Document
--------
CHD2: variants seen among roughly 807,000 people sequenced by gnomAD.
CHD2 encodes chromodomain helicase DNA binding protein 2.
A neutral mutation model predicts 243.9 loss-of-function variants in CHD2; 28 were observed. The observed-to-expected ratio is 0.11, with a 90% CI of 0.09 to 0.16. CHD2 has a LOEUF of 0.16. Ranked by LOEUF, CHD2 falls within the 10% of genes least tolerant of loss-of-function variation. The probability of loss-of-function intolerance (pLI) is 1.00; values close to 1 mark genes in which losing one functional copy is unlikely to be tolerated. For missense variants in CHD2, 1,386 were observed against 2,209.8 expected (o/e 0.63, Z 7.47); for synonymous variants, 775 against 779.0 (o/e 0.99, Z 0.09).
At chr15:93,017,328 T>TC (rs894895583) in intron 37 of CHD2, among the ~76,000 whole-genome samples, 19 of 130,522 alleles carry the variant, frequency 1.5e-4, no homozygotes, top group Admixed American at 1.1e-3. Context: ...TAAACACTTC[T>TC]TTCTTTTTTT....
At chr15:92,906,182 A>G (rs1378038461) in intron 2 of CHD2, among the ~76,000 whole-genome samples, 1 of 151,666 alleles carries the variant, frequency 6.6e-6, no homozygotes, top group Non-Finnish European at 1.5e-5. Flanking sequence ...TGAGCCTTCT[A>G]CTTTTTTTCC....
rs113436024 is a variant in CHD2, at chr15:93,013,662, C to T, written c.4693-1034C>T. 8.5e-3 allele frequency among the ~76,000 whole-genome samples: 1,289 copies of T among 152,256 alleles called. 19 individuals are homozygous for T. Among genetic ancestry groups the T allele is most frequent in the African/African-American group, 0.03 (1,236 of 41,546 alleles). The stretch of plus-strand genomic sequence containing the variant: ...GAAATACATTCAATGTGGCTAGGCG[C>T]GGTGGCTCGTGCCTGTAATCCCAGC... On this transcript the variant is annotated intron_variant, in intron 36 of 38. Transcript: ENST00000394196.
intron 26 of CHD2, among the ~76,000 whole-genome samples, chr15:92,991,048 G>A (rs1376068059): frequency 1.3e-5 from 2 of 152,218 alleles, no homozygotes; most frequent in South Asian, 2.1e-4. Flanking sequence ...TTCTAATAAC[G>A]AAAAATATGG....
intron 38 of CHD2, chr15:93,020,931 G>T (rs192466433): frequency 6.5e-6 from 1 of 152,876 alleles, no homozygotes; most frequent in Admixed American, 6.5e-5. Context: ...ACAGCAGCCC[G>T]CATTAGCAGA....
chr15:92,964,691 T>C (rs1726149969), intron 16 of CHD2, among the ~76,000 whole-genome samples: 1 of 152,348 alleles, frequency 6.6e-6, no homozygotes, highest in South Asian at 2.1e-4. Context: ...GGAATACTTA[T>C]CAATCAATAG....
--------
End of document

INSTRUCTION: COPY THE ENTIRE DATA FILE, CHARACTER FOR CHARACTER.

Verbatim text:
CHD2: variants seen among roughly 807,000 people sequenced by gnomAD.
CHD2 encodes chromodomain helicase DNA binding protein 2.
A neutral mutation model predicts 243.9 loss-of-function variants in CHD2; 28 were observed. The observed-to-expected ratio is 0.11, with a 90% CI of 0.09 to 0.16. CHD2 has a LOEUF of 0.16. Ranked by LOEUF, CHD2 falls within the 10% of genes least tolerant of loss-of-function variation. The probability of loss-of-function intolerance (pLI) is 1.00; values close to 1 mark genes in which losing one functional copy is unlikely to be tolerated. For missense variants in CHD2, 1,386 were observed against 2,209.8 expected (o/e 0.63, Z 7.47); for synonymous variants, 775 against 779.0 (o/e 0.99, Z 0.09).
At chr15:93,017,328 T>TC (rs894895583) in intron 37 of CHD2, among the ~76,000 whole-genome samples, 19 of 130,522 alleles carry the variant, frequency 1.5e-4, no homozygotes, top group Admixed American at 1.1e-3. Context: ...TAAACACTTC[T>TC]TTCTTTTTTT....
At chr15:92,906,182 A>G (rs1378038461) in intron 2 of CHD2, among the ~76,000 whole-genome samples, 1 of 151,666 alleles carries the variant, frequency 6.6e-6, no homozygotes, top group Non-Finnish European at 1.5e-5. Flanking sequence ...TGAGCCTTCT[A>G]CTTTTTTTCC....
rs113436024 is a variant in CHD2, at chr15:93,013,662, C to T, written c.4693-1034C>T. 8.5e-3 allele frequency among the ~76,000 whole-genome samples: 1,289 copies of T among 152,256 alleles called. 19 individuals are homozygous for T. Among genetic ancestry groups the T allele is most frequent in the African/African-American group, 0.03 (1,236 of 41,546 alleles). The stretch of plus-strand genomic sequence containing the variant: ...GAAATACATTCAATGTGGCTAGGCG[C>T]GGTGGCTCGTGCCTGTAATCCCAGC... On this transcript the variant is annotated intron_variant, in intron 36 of 38. Transcript: ENST00000394196.
intron 26 of CHD2, among the ~76,000 whole-genome samples, chr15:92,991,048 G>A (rs1376068059): frequency 1.3e-5 from 2 of 152,218 alleles, no homozygotes; most frequent in South Asian, 2.1e-4. Flanking sequence ...TTCTAATAAC[G>A]AAAAATATGG....
intron 38 of CHD2, chr15:93,020,931 G>T (rs192466433): frequency 6.5e-6 from 1 of 152,876 alleles, no homozygotes; most frequent in Admixed American, 6.5e-5. Context: ...ACAGCAGCCC[G>T]CATTAGCAGA....
chr15:92,964,691 T>C (rs1726149969), intron 16 of CHD2, among the ~76,000 whole-genome samples: 1 of 152,348 alleles, frequency 6.6e-6, no homozygotes, highest in South Asian at 2.1e-4. Context: ...GGAATACTTA[T>C]CAATCAATAG....